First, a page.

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Academics have a duty to speak to the media, especially in tragic and complex cases, argues Tom Sheldon, Senior Press Manager at the Science Media Centre.

“How many more Charlies and Alfies must be paraded in front of us before we realise that keeping quiet only makes things worse?”

In July 2017 the story of Charlie Gard, a baby with incurable mitochondrial disease, played out across the media. By April 2018 we all knew the name Alfie Evans, another little boy with another untreatable condition. In both cases the medical teams and the courts agreed nothing could be done.  Both children have since died. There’s nothing enjoyable or satisfying about these stories. They are profoundly sad.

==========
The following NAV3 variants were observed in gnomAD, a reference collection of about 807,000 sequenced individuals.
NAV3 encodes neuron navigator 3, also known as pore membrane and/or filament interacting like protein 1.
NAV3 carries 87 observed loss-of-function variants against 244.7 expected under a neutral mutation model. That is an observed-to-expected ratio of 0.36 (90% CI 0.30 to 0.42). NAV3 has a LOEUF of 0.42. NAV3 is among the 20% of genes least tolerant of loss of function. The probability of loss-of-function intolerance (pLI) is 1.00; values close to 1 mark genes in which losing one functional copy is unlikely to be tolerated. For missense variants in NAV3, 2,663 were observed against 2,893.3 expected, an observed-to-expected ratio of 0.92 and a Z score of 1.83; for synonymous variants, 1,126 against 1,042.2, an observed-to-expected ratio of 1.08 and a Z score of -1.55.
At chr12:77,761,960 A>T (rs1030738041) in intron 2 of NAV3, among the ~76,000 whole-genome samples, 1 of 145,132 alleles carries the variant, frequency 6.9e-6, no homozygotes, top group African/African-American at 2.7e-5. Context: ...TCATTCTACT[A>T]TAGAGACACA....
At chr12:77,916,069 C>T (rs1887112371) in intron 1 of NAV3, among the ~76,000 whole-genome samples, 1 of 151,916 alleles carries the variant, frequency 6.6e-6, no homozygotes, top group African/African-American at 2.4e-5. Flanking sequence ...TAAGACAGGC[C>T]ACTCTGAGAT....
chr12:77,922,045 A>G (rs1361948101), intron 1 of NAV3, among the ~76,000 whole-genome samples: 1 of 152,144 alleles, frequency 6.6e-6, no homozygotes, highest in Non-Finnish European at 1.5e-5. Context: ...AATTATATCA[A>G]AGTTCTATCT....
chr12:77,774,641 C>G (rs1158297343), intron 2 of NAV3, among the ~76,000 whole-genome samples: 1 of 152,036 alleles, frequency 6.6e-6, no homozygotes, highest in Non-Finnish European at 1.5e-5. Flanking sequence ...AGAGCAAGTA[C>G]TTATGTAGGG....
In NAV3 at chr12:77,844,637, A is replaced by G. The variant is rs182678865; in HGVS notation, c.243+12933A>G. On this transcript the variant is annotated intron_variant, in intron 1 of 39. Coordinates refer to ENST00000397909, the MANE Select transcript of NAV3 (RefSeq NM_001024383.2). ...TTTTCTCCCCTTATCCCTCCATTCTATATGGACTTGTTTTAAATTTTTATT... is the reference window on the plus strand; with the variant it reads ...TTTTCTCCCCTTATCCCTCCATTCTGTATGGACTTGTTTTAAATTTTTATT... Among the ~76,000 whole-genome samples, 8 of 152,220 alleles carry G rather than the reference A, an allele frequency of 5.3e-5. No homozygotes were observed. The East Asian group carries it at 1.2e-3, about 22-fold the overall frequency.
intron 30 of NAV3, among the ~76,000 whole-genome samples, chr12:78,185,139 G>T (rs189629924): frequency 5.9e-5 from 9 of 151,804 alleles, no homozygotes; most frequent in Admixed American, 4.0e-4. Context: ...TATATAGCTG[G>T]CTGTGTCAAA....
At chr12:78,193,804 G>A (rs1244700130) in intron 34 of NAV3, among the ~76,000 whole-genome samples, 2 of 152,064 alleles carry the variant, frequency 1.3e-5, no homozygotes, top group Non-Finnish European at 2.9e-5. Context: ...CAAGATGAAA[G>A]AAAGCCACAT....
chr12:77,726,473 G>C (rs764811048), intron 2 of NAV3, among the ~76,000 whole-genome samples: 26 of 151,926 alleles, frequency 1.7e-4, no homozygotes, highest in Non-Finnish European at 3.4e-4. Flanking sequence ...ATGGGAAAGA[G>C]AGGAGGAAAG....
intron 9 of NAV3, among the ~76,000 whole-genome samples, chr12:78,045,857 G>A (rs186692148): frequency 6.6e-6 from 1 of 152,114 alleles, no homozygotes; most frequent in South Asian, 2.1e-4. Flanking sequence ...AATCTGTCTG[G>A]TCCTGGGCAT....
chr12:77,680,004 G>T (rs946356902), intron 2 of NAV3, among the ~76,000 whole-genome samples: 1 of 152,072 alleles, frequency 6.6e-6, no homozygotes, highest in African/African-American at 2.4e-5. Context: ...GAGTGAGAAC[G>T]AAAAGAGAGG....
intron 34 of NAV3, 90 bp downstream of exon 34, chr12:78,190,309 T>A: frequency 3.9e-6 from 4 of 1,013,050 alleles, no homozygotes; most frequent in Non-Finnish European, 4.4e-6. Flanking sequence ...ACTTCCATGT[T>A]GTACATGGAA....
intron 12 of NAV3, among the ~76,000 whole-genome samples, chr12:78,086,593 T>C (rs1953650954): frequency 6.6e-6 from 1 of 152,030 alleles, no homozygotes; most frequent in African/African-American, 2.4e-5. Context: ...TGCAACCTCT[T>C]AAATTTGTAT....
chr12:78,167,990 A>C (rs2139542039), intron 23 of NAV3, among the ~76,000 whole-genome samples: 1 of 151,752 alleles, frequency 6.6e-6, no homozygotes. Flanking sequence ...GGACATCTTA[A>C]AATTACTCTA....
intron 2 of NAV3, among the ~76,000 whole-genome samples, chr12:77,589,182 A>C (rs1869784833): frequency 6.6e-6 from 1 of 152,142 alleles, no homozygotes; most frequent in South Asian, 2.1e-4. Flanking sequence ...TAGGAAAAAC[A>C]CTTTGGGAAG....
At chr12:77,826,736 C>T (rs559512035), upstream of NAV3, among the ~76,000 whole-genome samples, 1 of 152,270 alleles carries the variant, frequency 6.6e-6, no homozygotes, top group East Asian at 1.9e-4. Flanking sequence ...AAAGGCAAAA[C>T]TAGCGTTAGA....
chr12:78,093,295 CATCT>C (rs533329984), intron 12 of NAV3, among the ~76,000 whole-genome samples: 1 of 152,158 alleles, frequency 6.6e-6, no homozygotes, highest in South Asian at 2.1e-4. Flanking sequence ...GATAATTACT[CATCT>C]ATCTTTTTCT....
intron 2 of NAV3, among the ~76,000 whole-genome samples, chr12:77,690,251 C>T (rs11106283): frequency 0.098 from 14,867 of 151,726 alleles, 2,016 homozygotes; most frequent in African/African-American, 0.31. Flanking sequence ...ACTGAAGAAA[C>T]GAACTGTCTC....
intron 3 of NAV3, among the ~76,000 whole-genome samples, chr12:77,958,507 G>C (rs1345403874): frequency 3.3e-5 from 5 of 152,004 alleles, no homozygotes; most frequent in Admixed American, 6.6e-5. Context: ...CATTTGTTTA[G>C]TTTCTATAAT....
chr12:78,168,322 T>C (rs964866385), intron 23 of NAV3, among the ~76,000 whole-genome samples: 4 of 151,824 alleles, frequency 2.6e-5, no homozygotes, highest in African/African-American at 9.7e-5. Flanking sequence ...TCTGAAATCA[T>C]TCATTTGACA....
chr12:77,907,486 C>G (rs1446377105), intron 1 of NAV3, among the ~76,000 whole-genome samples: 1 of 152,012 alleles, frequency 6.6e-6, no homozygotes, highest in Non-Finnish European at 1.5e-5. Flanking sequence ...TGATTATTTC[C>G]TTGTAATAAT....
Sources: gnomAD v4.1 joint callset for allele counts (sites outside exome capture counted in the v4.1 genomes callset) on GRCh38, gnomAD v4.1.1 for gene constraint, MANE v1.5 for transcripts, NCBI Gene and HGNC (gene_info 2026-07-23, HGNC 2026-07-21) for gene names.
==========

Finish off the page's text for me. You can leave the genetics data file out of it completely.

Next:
Nine months after Charlie Gard, and the rest of us watched as Alfie’s Army demonstrated outside Alder Hey Children’s Hospital and his parents were locked in bitter dispute with the medical team. For a second time, a battle over the life of a child none of us knew had become major news, and the need for expert voices to be heard in the media and by the public was as strong as ever. Yet with a few notable exceptions, the rest of the medical profession once again failed to show up, allowing misinformation around Alfie Evans to take hold. Nine months after Charlie Gard, and we have dismally failed to learn any lessons.

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